Meri Williams: Driving tech strategy at a start-up using AI for drug discovery

23 Oct 2020

Image: Meri Williams

Healx’s Meri Williams discusses building a tech team that is trying to make the treatment discovery process faster using data and AI.

Meri Williams is an experienced tech leader who has worked for UK challenger bank Monzo, print and design company Moo, and the UK’s Government Digital Service.

Williams is currently chief technology officer at biotechnology start-up Healx. The company, which is based in Cambridge, is working to discover new treatments for rare disease patients using AI. It raised $56m in Series B funding last year.

‘One of the nice things about start-ups is that they tend to be more digitally native’

Describe your role and your responsibilities in driving tech strategy.

I’m chief technology officer at Healx, an AI and data-driven technology company focused on finding treatments for rare disease patients at scale. Defining and driving the technology strategy and investment is one of my key responsibilities, along with nurturing and leading the tech organisation at Healx, contributing as an executive to the overall company strategy and delivery, and developing future leaders for the company. 

Are you spearheading any major product or IT initiatives you can tell us about?

Right now we are focused on developing the next generation of our data platform, which underpins the AI and bioinformatics products that we build to help our scientists, curators, pharmacologists and clinicians to develop new rare disease treatments.

We’re also introducing some new specialisms to the technology team to broaden our capabilities, including product management, user research, product design, ops engineering and more. We have a number of super interesting and useful methods and tools for selecting diseases to work on and predicting which drugs could be successfully repurposed. These new specialisms will help us ensure that we wrap those up into products that are useful and usable and hopefully even delightful, so that we can have maximum impact. 

How big is your team?

Today we have around 25 technologists – roughly half of the company – who are a mix of software engineers, applied AI scientists, bioinformaticians, computational systems biologists, ops engineers, data engineers, product designers, product managers and so on. We’re planning to grow to around 50 technologists by early 2021, so we’re doubling the team in under six months.

Developing a deep understanding of the domain in which we operate is essential to make the biggest breakthroughs, so we tend to mostly focus on hiring permanent staff, rather than outsourcing. Alongside leveraging our own talent, we aim to stand on the shoulders of giants by taking advantage of improvements, products, platforms and frameworks that are already available.

We focus on building just what is most essential and pivotal to Healx’s mission. For everything else, we’ll typically try to select the best software-as-a-service offering from another company.

What are your thoughts on digital transformation and how are you addressing it?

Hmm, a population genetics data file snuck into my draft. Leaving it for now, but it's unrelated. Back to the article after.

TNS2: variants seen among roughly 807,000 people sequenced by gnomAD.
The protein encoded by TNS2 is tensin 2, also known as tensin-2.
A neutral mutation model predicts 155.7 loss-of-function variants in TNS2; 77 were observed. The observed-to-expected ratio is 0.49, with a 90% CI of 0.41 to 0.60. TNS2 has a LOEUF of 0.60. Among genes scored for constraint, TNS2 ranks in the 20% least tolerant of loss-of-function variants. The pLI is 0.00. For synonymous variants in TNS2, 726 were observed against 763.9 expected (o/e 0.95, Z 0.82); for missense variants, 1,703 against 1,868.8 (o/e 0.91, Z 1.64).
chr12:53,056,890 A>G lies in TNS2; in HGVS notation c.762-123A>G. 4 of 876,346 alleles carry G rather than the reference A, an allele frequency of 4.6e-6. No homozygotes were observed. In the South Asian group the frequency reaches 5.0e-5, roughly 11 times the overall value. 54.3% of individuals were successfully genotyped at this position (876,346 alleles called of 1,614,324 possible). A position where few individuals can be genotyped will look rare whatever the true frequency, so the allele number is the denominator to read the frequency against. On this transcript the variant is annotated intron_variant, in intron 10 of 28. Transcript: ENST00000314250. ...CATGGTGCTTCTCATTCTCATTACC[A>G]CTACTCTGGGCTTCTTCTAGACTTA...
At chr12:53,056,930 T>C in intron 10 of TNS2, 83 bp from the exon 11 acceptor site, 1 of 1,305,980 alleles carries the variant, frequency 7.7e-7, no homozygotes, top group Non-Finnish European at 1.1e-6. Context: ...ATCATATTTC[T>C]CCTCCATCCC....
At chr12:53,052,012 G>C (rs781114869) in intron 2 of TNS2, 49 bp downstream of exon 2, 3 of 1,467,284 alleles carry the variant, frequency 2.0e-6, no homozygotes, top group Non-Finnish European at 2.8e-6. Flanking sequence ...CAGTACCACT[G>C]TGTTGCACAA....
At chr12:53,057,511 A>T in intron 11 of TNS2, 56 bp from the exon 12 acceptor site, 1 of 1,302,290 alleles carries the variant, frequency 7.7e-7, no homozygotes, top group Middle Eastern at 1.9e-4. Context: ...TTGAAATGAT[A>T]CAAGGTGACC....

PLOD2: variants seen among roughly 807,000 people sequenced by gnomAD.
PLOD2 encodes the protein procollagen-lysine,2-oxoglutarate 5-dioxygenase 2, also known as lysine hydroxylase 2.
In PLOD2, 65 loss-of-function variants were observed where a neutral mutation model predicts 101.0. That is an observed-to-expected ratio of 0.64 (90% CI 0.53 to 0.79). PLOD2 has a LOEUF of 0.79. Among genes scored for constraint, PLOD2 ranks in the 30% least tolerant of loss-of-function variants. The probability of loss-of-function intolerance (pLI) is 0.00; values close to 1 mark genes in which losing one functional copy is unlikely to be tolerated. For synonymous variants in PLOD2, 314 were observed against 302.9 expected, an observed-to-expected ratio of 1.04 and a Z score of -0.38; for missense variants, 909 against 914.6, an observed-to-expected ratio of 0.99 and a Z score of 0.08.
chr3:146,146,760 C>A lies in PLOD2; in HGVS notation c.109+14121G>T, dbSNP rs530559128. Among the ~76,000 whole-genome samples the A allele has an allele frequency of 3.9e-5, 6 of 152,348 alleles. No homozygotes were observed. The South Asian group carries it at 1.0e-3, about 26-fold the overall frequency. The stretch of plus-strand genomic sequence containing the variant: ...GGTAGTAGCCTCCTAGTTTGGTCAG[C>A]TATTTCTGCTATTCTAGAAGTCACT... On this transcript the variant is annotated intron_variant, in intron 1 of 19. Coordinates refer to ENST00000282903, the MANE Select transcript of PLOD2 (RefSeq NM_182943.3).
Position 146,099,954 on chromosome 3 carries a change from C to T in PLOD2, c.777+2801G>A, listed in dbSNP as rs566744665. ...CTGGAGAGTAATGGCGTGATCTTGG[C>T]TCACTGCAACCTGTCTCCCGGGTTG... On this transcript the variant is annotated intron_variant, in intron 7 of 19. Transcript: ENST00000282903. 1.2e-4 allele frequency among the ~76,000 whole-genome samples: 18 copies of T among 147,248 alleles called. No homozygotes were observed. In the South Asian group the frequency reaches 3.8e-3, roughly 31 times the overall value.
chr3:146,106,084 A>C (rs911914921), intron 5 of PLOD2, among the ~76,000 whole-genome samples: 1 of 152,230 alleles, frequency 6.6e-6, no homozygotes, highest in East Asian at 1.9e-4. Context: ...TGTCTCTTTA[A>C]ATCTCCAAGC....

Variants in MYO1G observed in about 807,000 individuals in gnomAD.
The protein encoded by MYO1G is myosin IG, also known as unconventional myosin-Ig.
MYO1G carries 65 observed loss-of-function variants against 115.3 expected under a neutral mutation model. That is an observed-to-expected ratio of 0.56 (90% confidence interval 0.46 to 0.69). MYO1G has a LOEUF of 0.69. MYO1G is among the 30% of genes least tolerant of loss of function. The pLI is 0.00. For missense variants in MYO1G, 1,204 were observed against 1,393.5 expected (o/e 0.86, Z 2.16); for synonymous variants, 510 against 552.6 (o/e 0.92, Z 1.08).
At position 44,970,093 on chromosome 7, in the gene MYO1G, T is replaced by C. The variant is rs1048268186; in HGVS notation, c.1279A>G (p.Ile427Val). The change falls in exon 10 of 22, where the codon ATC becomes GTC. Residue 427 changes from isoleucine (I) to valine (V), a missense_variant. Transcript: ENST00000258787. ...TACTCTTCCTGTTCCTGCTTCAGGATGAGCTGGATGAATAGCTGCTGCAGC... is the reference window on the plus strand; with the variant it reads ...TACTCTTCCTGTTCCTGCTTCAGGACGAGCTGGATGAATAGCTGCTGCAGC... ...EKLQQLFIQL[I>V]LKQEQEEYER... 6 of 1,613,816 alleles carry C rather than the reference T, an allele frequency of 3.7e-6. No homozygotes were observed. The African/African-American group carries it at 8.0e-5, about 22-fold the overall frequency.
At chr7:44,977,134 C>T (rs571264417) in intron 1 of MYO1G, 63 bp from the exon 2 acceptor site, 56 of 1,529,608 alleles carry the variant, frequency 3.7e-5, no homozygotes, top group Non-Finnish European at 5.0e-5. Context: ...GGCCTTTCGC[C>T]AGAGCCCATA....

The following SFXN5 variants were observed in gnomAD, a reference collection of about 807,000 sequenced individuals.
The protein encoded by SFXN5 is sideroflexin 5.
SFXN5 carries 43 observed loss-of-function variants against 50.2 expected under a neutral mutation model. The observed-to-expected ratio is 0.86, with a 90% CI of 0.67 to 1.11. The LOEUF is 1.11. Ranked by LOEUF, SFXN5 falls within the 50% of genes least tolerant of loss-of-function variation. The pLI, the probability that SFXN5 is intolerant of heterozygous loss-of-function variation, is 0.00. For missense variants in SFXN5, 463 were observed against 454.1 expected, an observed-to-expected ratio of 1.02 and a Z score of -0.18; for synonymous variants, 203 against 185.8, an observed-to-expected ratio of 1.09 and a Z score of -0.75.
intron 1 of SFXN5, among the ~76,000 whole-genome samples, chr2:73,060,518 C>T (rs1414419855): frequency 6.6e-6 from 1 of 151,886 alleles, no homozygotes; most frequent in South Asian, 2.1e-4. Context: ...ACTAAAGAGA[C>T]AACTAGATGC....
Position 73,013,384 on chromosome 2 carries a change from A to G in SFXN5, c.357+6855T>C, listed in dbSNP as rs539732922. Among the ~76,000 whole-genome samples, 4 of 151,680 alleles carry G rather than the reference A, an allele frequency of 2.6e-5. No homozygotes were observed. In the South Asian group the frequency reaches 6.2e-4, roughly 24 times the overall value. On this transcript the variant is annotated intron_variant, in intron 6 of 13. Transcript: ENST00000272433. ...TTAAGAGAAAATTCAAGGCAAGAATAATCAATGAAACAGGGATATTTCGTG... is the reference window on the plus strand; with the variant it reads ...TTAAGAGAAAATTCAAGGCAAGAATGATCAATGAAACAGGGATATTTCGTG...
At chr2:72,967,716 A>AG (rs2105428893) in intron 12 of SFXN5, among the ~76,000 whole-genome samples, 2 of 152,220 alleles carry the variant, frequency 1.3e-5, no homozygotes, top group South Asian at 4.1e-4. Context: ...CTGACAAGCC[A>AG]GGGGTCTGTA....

I’ve been through a number of digital transformations, including working at the Government Digital Service in the early days.

One of the nice things about start-ups is that they tend to be more digitally native, given most processes and procedures have been developed anew, and more modern technology is selected when they start. So luckily we don’t have a lot of digital transformation to do, though we do intend to bring technology to bear to help make the full end-to-end treatment discovery process faster and more efficient, whilst still of course being fully compliant with the important and essential regulatory requirements.

What big tech trends do you believe are changing the world and your industry specifically?

The way that processing power and storage has increased whilst costs have continued to decrease has made a bunch of things economically viable that weren’t before, from big data and the resulting analysis and insights, to a much broader use of artificial intelligence and more.

I think the other big trend that is helping a lot in medtech is folks realising – largely due to Covid-19 – that some data is genuinely best made freely available, so that more of us can spend time on innovative work by using that data, rather than all doing the same repetitive work to find and make data usable.

I’m grateful for organisations like the Open Data Institute for paving the way over the past years on how to share and publish data effectively, securely and safely, without endangering individual privacy.

In terms of security, what are your thoughts on how we can better protect data?

There are two sides to this.

On the one hand, the increase in computational power I referred to earlier that is becoming more and more affordable means we are in a race in terms of encryption, constantly needing to make sure we are using the right algorithms and approaches. I think we may see mainstream quantum encryption within this decade, and that’s going to be a big shift for a lot of organisations.

On the other hand, the weakest link in terms of security is usually people. It’s a lot easier to use social engineering to get yourself into a data centre than it is to break in through a decent modern firewall. There’s a really fine balance to strike between keeping things secure and making security process so onerous that your employees start to work around it. I think in general security needs to take much more notice of user experience, otherwise we’ll continue to be easy to breach.

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